Advertising
Advertising

Published on June 4, 2018

How to Set Short Term Goals for a Successful and Highly Fulfilling Life

How to Set Short Term Goals for a Successful and Highly Fulfilling Life

Change begins with hope of what’s possible in your life. Hope leads to a sense of expectancy. Combine this with setting short term goals and the likelihood of being more happy and successful moves from possibility to reality.

Short term goals, when created with well-formed criteria, offer incremental steps towards successfully achieving your bigger goals. In this step-by-step guide, you’ll discover the secret to creating short term goals that will set you up for success and help you sail past challenges of staying motivated easily.

What is a short-term goal?

Short term goals are ‘short’, meaning the time frame can be as short as 10 minutes, a day or as long as a week or a few months. Well-formed short term goals begin with the end in mind.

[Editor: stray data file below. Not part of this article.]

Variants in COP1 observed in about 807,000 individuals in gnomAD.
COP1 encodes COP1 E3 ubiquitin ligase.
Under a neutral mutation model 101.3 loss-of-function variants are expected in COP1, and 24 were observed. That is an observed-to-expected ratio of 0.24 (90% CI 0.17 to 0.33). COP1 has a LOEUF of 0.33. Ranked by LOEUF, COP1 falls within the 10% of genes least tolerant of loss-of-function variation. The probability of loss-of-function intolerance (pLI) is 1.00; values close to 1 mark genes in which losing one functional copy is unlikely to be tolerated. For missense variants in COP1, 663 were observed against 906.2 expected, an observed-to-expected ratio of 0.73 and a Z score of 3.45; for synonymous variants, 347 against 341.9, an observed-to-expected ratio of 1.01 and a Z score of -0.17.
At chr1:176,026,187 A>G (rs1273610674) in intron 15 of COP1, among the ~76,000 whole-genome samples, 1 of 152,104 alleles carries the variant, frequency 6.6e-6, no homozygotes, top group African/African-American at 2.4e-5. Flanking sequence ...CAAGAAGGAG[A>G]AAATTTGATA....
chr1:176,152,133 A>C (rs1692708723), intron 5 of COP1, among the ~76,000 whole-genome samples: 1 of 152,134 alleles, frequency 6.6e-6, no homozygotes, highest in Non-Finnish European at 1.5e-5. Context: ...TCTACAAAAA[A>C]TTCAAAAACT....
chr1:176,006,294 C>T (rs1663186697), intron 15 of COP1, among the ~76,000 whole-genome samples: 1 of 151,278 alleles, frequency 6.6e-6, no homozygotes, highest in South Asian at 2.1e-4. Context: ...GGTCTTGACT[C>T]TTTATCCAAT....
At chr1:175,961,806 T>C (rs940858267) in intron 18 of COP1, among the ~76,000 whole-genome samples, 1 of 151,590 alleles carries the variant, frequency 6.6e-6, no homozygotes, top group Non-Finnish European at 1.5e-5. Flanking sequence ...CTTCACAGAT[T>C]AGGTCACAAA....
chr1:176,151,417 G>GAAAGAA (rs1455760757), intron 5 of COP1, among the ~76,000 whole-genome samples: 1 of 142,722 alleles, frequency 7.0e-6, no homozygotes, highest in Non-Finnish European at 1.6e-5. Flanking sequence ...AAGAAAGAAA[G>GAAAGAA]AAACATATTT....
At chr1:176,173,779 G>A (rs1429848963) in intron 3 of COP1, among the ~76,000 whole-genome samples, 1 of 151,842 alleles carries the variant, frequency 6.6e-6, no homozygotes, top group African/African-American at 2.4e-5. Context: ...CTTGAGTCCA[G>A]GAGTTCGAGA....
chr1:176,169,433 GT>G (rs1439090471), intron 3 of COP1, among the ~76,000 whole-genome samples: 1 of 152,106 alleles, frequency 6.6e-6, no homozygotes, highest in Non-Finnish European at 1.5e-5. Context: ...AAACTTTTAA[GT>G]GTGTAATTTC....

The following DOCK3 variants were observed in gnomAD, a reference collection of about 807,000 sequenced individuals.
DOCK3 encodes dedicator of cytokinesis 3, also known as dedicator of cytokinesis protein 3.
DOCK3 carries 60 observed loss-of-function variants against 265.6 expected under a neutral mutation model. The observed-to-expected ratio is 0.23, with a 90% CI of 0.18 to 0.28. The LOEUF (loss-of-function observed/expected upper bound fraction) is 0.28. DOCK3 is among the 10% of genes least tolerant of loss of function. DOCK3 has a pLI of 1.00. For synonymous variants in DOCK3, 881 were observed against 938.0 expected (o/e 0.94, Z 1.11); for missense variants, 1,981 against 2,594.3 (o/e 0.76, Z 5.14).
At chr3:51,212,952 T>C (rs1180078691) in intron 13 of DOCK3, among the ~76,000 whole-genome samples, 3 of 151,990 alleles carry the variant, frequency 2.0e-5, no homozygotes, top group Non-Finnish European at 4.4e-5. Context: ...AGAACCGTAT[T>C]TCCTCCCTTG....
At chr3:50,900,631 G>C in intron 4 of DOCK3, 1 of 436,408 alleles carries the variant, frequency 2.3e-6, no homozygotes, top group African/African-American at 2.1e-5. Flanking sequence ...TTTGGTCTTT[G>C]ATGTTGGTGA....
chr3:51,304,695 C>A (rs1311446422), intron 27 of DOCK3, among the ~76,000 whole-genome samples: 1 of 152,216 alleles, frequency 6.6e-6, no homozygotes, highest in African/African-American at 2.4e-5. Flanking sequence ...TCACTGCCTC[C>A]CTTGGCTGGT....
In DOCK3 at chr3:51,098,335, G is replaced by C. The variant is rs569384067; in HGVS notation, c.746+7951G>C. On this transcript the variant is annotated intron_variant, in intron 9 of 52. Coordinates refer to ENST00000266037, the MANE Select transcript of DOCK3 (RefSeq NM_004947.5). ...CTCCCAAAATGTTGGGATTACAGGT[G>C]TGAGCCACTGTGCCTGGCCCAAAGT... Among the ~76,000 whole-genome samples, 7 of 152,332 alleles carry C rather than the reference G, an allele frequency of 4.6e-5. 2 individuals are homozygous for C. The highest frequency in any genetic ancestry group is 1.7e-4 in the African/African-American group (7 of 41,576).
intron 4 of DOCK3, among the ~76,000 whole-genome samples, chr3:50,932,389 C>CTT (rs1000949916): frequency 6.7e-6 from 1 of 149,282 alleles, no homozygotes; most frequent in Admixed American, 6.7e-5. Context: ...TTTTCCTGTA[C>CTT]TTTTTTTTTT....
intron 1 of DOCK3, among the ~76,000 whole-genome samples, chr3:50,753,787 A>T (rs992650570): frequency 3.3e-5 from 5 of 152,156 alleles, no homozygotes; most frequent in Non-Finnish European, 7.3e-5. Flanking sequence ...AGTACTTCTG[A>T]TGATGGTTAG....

Quick tip to start: Write down the specific result you’ll be achieving and the date when it will happen. Then work backwards from this date describing what you’ll notice yourself doing (and achieving) until you have the first step you’ll take.

A short-term goal is the smallest step needed for you to reach a bigger goal centered around achieving something you passionately desire.

‘Passionate desire’ is the key. As Tony Robbins says,

People are not lazy. They simply have impotent goals – that is, goals that do not inspire them.

Having passion when setting goals means getting your mind and body activated to fuel your energy and focus. Each time you achieve a short term goal, your body celebrates by producing and releasing chemicals such as dopamine, serotonin oxytocin and/or endorphins (feel-good neurotransmitters).

Ian Robertson, cognitive neuroscientist says,

Success and failure shape us more powerfully than genetics and drugs.

The regular release of the body’s natural chemicals supports brain change at a neural level, building your confidence and renewing your goal-oriented focus.

How short term goals make your life more fulfilling